When it comes to manufacturing and services, there are a lot of point of views about horizontal and vertical management. Most companies have vertical reporting lines. These usually have horizontal communication on the same management (vertical) level. A value stream manager allows the organization to see the process or service as a whole. He is tasked to streamline the whole process.
Protocol and ownership
As a matter of protocol, a manager would confer with a colleague who is of the same management level. With any cross-department discussion, a manager would not pass along a task to a person of higher rank in another department. Unfortunately, these strict rules of inter-department protocol leads to processes and materials which are not optimized to produce a product.
Product line ownership does not exist in a traditional non-lean management. There are process owners and they have responsibility and control over a specific task relative to the production line. Wastage occurs because the process is not viewed nor designed as a system or as a whole. This is where the lean manager comes in. His task is to ensure that the whole process adheres to lean management principles. The job itself is a continuous iteration which takes into account developments outside of his job but directly affects the production process.
Lean manager responsibilities
The lean manager’s job is to optimize the production or service process. As such he would need to go beyond departmental borders. The tasks he needs to do start from defining the process and products, studying the current process and designing production with lean management concepts, and down the line including implementation and operations:
- The lean manager is tasked to define the product, service or family of product and services. The product or service is defined based on the input and parts, as well as routing and processes involved.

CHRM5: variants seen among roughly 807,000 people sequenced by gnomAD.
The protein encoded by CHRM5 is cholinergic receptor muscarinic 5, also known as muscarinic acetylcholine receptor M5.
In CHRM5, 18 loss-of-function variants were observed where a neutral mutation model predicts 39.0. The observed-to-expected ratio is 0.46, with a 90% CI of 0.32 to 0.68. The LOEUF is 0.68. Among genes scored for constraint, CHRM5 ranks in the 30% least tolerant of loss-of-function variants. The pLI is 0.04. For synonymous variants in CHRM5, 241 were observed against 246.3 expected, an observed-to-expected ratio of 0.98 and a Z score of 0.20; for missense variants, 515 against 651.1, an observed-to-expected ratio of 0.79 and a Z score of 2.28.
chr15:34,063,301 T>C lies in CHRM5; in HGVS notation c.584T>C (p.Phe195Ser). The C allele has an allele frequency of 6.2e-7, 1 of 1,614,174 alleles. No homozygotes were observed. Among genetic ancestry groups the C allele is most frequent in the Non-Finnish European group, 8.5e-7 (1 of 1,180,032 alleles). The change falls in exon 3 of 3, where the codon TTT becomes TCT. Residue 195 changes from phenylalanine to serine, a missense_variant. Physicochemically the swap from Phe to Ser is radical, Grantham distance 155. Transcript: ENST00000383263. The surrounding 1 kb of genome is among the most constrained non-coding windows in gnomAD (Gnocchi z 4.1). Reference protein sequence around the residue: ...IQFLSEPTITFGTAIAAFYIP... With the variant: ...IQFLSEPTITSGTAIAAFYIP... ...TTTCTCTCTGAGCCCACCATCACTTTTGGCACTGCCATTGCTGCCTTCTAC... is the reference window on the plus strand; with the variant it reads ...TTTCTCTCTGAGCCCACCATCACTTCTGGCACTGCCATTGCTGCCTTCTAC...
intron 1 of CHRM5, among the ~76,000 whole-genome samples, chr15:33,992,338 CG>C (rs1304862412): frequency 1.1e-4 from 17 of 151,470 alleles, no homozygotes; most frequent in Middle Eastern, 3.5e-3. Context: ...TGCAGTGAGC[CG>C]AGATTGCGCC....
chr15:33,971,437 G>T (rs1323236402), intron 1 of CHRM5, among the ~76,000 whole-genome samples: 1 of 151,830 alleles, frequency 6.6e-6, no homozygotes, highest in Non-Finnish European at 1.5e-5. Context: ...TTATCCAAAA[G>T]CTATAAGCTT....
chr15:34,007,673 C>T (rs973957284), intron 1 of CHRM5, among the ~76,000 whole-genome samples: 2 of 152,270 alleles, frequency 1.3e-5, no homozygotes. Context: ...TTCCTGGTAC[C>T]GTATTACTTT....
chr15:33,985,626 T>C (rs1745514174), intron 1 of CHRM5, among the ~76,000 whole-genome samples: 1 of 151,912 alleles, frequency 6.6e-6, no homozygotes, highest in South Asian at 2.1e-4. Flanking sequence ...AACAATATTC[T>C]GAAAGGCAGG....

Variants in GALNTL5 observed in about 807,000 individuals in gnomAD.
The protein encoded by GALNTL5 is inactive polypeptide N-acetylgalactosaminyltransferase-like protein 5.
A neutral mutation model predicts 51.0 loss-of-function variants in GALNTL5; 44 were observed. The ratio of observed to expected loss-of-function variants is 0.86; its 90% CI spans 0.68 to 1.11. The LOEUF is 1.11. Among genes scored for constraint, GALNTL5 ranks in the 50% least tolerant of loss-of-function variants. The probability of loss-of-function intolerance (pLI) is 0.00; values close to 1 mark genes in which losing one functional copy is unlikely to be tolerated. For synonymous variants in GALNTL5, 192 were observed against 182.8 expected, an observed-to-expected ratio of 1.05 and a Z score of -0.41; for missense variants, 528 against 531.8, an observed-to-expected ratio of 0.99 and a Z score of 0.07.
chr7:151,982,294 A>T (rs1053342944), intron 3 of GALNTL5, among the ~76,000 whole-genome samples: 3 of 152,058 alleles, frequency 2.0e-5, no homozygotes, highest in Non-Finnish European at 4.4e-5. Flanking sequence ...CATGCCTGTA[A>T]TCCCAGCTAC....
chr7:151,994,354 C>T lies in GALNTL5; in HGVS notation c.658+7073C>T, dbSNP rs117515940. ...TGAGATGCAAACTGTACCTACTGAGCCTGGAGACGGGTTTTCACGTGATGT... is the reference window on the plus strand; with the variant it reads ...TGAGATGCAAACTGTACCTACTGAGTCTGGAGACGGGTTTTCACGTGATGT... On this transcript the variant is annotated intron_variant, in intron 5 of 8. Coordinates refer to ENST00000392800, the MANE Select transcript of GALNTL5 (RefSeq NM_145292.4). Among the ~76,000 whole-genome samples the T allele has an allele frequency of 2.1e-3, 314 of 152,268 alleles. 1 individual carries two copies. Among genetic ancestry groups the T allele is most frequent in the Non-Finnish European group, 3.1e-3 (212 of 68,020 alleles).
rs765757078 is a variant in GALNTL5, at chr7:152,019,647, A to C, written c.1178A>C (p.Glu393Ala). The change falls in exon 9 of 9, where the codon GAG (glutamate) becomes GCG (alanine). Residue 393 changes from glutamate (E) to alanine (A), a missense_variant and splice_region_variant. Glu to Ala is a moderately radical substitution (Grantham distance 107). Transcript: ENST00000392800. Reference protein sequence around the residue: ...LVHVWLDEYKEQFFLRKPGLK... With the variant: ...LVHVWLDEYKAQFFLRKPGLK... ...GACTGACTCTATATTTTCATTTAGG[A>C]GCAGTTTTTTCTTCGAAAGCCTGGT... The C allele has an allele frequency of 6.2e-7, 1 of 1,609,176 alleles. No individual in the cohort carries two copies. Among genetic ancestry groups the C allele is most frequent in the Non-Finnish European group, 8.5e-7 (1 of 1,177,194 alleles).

- Create a state value stream map which includes all the value streams in the process.
- Study the current state map based on all available data.
- Create a long term ideal state map. This should include the product value streams as they would appear in the long term.
- Optimize the state map with the use of lean techniques. This will point out possible waste, eliminate the identified waste sources, and create short and middle term state maps which improve on the process value.
- Create an implementation plan to turn the current state map to the short term, mid-term and long term state map.
- Implement the plan. As the lean manager, he will have to lead the implementation.
- In line with the implementation, the lean manager has to mobilize the stakeholders, including employees of the various departments, suppliers and customers. They should be appraised of the required changes as the plan is implemented.
- Provide leadership in the day-to-day operations of the value stream. This ensures that the stakeholders meet the current production demands, at the same time the changes are improvements are also met.
The lean manager is tasked with understanding the whole process and to improve it according to lean strategies and techniques. After careful study, he has to be able to sell the idea to the various line managers and process owner. They, in turn, have to understand that they have already done their best to optimize their own process, and it is time to move forward and implement production as a whole. Stakeholders outside of the company also have to be assured that they will not be left out and instead they will benefit from the improvements. The day-to-day operations for the process also have to be monitored to ensure that the production numbers are met and that changes continue to be implemented.
As a matter of course, any changes in the industry or in the way the company conducts business also has an effect on the implementation. It is expected that at any point, it would be necessary to redo the whole implementation plan to take into account improvements outside of the company.